Developer Preview: Juno Beta 2 Is Out!
Putting a bow on it!
If you thought we’d dropped off the face of the planet, you probably missed it: we have moved away from Medium and started publishing on our faster, open source, and privacy-respecting blog at blog.elementary.io. We’ve kept this blog post unlisted here on Medium for posterity, but all recent and future posts as of November, 2019 are exclusively hosted there.
It’s that time again: another beta release! Before we get too far, I want to remind you why we do beta releases: they’re a special release intended for our 3rd party developers and highly technical users. Developers need a pre-release in order to test and take advantage of new platform features and to publish their apps so that we don’t release with an empty store. We also invite highly technical users to test Beta in non-production environments to find major regressions and show-stopping issues.
For App Developers
If you have an app published in AppCenter for Loki or would like to publish an app for Juno, this pre-release is for you! During this Beta2 period we hope to see app developers get the rest of their apps ready to go, and we’re always standing by in Gitter and the Community Slack to help wherever we can.
If you haven’t already, we highly recommend you read about Houston CI and enable this for your repo. Houston CI builds and tests your app against Juno and will let you know about issues even if you’re not yet running the Beta.
Be sure to read our Updating Your Apps for Juno piece for everything you need to know about getting your app ready to debut alongside Juno’s stable release.
Gala & Greeter
We fixed a few issues around Gala, the Greeter, HiDPI, and related refinements during the beta2 cycle:
A new Gala Daemon provides better native GTK context menus for apps. This means that context menus scale properly on HiDPI, plus non-native apps with titlebars now also get a menu. Picture-in-picture mode also scales better on HiDPI now.
The login and lockscreen greeter is now more crisp on HiDPI. This is because we now have a simple compositor, which also provides things like shadows beneath the shutdown window and indicators. We also now use the same panel on the greeter as in the logged-in session, meaning indicators work more consistently, and you can scrub between them.
AppCenter has gotten a lot of love in Juno!
We fixed an issue in AppCenter where new apps were not properly being displayed on the home page due to a package ID format deprecation. Now apps should be displayed whether they use the old or new format.
Banners on the homescreen have a new glow on hover based on the brand color. It’s subtle, but more obvious on bright colors.
Michael from System76 also reported and helped fix several issues: uninstalled apps can now be reinstalled without restarting AppCenter, AppCenter should not lock up when performing multiple operations, and some warnings were fixed. We also added a few compile-time flags to make reusing AppCenter (i.e. as Pop!_Shop in Pop!_OS) easier for third parties.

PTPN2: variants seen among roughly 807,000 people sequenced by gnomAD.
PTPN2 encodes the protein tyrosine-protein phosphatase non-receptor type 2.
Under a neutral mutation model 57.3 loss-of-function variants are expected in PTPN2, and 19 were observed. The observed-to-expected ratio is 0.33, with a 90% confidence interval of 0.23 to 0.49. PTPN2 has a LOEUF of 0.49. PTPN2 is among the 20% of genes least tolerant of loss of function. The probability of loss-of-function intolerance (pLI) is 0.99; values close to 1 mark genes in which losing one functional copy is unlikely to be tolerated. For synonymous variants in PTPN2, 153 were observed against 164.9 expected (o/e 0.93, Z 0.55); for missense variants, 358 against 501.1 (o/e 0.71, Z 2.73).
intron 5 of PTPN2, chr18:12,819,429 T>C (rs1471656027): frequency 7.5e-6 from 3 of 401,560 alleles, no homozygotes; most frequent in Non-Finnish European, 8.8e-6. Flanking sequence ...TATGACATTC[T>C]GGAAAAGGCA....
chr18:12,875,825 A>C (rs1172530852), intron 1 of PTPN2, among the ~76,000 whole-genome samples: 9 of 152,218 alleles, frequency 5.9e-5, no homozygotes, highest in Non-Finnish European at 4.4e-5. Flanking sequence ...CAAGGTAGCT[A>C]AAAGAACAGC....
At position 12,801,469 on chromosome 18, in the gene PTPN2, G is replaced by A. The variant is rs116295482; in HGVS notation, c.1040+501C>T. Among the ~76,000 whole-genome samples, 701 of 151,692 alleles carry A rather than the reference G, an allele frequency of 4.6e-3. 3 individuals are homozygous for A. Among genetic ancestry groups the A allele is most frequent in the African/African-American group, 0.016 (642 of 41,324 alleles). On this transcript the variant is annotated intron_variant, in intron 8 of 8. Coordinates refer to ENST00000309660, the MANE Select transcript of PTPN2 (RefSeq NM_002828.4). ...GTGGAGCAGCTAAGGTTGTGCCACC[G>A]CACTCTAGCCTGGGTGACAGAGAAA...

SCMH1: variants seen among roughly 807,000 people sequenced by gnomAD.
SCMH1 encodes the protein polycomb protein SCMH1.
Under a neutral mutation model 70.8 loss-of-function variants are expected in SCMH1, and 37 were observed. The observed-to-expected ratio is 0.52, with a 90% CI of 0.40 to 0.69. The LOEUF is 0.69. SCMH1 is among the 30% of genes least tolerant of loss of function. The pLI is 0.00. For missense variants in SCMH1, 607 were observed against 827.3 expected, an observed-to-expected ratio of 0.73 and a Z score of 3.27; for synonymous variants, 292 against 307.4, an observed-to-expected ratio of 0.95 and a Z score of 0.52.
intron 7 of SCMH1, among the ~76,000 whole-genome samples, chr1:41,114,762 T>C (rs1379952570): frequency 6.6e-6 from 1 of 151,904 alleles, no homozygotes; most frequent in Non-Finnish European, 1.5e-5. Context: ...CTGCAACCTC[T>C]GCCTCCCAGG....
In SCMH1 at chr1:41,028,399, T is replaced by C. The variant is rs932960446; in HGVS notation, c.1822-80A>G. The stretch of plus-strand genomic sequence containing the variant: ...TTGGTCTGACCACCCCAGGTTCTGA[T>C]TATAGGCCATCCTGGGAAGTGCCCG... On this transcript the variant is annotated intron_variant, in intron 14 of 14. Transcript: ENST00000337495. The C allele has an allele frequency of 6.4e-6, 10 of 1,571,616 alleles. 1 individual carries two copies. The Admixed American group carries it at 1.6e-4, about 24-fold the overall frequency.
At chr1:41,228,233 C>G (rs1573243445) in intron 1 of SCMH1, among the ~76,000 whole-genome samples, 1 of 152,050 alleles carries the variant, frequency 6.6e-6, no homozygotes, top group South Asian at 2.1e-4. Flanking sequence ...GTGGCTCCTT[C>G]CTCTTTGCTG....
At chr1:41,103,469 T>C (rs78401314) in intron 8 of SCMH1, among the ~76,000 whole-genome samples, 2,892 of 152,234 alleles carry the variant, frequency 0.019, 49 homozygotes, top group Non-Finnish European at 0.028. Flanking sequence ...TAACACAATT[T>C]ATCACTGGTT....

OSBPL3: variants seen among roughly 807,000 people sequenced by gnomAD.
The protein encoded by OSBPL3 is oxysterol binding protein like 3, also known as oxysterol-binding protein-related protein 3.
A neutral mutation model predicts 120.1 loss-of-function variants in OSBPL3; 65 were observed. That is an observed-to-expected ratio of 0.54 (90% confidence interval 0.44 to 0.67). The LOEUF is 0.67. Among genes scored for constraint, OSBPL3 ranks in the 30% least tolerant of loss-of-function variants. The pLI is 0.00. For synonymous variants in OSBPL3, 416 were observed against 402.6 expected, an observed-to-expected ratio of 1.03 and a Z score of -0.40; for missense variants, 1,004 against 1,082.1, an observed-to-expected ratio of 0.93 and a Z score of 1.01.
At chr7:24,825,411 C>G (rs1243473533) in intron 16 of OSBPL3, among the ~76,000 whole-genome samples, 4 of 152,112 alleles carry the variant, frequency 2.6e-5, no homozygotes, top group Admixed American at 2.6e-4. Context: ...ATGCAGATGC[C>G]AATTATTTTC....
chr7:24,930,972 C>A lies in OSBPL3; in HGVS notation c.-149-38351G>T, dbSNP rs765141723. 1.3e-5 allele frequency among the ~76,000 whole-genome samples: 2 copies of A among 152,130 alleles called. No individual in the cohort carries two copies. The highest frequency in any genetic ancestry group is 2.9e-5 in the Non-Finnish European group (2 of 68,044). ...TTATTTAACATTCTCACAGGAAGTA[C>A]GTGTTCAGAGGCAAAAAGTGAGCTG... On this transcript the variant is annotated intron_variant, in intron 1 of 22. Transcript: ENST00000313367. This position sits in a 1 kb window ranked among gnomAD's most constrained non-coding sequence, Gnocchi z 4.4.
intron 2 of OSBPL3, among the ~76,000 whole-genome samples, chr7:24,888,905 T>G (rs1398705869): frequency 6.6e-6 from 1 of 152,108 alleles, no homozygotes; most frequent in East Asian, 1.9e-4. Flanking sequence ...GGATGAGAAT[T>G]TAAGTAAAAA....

The payment dialog was improved with a new icon to bring it more inline with other permissions dialogs, plus card numbers are automatically formatted to make it easier to type, and both card numbers and CVC entries are masked out when unfocused to prevent shoulder-surfing.
We also fixed the badge not showing up in the dock when there are pending updates.
Finally, we dropped some old CSS formatting that was required in GTK 3.18 since Juno is on 3.22, and removed the “Share” menu on non-curated apps since our new appcenter.elementary.io site shows rich metadata for curated apps but doesn’t currently handle uncurated apps.
A slash is now appended to file paths when typed into the pathbar. Thumbnailing has also been improved, meaning renamed or new files should more consistently get correct thumbnails.
We also solved several performance and stability issues and continue to make the code base much more efficient and easy to read under the hood.
Icons, Stylesheet, & Wallpapers
The stylesheet now provides an “inline” style for tab bars. This means if an app opts into this style, its tabs can better match the content they’re switching between instead of always being chrome-colored.
We’ve also continued our quest for better contrast across the stylesheet. Notably, we darkened success icons in the light style for better contrast compliance, and improved checkbox and radio contrast between different states.
The stylesheet was improved for certain button styles in headerbars, including suggested action buttons and insensitive buttons in dark and branded headerbars.
We squashed a stylesheet bug that caused tiled dark apps to flash erratically, including Photos, Terminal, and Code with the dark style.
Additionally, there is a new “checkerboard” style so that you can use the same patterned background as we use in Photos and Screenshot with transparent images in your apps.
There are a bunch of new action icons including actions for moving objects forward and backward across layers (such as in presentation apps like Spice-Up or image editing apps like Inkscape) and more icons were aligned to the color palette. The result is an ever-more consistent look and feel across apps. We also added a new color version of the refresh icon in all sizes, since apps that need a symbolic version (like Epiphany) are already requesting the symbolic version. This makes the default/color icon more visible across both light and dark styles.
Folder icons are now a neutral manila color across the system, better fitting in with branded apps and opening up the possibility to use color in Files in more meaningful ways in the future. We also have new “open” variants of each of the special folders, so they look better when dragging a file into them or when the folder is open in another Files tab.
We dropped the wrinkly walrus wallpaper and added a nice deep green fern wallpaper. Our lovely purpleprint remains the default. For now…
Lots of code cleanup and improvements. We also fixed a crash that could occur when restoring the app and playing a song in certain circumstances. Not much has changed in the UI between beta1 and beta2, but work is ongoing to fix issues and increase stability and performance.
There has been a lot of code cleanup and refinement into the far reaches of Photos. Most of it is not user-visible, but you might notice that almost all of the dialogs have been cleaned up and made more consistent with the rest of the elementary apps thanks to being moved to Granite.MessageDialog.
The adjustment dialog has been revamped and is now actually a dialog, plus it sports some nice new colored sliders to help visualize what the change will do.